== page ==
What's the difference between a detritivore, decomposer, saprobiant and saprophyte?
- Thread Starter
- 21-04-2016 21:35
- 23-04-2016 21:45
Detritivores are a subset of decomposers which can internally ingest and gain energy from dead and decaying matter.
Plants, fungi and bacteria can be decomposers, and may gain energy from dead and decaying matter, but do not "eat" it as such, so they are not called detritivores. Instead detritivores tend to be animals, such as woodlice and sea cucumbers.
Saprobionts, again, are a type of decomposer, but not all decomposers are saprobionts. Though saprobionts also feed on dead and decaying matter, they are unable to ingest and digest it internally. Instead, they carry out extracellular digestion. Many fungi are able to do this. They excrete digestive enzymes onto the matter and, once it is digested, are able to absorb the basic energy and/or nutrients that they need from it.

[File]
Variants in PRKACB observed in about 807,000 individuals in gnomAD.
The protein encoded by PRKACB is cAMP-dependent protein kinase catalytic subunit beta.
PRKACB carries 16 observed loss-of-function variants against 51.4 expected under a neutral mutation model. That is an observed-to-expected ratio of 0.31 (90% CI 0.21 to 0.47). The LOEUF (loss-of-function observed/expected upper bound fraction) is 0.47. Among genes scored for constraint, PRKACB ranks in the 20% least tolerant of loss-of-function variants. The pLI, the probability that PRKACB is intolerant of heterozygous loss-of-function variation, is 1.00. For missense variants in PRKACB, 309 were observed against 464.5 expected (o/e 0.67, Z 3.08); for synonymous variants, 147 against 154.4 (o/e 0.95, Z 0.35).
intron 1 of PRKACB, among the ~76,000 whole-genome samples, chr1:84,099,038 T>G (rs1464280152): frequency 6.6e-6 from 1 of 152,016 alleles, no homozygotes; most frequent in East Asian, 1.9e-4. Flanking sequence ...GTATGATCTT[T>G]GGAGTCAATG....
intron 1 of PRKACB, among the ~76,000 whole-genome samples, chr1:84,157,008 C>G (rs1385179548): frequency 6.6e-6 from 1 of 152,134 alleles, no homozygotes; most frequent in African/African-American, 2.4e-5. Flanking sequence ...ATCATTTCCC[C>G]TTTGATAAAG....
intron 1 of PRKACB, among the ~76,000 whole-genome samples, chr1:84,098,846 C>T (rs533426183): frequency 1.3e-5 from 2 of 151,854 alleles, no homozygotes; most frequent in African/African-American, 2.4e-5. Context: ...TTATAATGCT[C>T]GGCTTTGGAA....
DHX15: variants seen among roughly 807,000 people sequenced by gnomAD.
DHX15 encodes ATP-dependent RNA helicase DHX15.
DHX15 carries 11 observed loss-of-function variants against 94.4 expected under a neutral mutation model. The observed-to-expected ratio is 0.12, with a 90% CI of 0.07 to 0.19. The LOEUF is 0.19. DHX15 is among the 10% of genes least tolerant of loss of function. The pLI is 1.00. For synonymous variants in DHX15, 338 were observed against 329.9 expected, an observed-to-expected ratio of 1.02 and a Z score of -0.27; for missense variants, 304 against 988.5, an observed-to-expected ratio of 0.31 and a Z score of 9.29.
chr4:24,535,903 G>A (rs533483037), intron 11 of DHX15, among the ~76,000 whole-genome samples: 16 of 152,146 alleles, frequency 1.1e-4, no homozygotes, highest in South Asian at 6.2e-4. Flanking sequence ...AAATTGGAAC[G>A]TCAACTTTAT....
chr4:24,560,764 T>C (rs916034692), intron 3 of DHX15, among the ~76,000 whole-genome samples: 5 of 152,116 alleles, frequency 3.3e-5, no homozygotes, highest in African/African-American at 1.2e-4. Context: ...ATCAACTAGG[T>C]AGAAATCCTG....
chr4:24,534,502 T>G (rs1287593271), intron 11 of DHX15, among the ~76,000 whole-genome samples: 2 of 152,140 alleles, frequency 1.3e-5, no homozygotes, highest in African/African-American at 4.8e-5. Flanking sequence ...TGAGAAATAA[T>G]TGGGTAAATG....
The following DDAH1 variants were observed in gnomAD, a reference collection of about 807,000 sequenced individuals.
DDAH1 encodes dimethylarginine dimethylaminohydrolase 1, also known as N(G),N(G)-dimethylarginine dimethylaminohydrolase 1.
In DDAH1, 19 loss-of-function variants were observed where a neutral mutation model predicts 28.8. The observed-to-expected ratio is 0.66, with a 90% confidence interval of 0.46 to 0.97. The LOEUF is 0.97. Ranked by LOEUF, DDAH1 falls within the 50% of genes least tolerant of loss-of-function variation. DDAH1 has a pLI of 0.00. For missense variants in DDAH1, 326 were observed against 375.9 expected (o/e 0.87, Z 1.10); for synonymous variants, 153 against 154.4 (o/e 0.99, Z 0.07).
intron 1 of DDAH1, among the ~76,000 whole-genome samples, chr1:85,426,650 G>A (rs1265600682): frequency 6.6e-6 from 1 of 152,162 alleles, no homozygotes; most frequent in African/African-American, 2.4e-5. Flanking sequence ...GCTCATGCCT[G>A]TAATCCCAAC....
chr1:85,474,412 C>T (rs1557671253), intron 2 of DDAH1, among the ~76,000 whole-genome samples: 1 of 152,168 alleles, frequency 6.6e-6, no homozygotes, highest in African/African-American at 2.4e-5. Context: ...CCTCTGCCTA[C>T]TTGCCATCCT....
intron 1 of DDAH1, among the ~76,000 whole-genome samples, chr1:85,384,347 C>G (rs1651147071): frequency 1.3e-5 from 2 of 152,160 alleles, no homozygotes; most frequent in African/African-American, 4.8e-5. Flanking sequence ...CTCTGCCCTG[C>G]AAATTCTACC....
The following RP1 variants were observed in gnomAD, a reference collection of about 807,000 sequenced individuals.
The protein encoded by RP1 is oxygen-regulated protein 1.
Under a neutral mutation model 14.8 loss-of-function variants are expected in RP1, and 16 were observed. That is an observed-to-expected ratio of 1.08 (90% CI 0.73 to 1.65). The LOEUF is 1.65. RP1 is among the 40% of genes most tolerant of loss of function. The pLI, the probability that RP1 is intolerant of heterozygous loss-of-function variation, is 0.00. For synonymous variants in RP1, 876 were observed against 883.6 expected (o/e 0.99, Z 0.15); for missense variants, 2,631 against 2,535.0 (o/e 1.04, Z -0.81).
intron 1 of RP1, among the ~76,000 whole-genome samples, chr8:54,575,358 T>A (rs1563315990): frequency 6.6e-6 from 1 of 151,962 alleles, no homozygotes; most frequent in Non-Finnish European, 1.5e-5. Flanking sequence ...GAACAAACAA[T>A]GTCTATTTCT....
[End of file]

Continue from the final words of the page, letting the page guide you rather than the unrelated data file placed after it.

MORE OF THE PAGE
Saphrophytes are sometimes defined as any organism that lives on dead or decaying matter, although it more commonly seems to refer to plants, fungi and micro-organisms. For the most part, though, the word seems to be interchangeable with decomposers.
So to sum up, detritivores and saprobionts are subtypes of decomposer (also known as saphrophytes.)
All of them get energy and/or nutrients from dead or decaying matter.
Detritivores ingest and digest this matter within themselves, whereas saprobionts excrete enzymes to digest the matter externally to themselves.Last edited by zabveniye; 23-04-2016 at 21:48.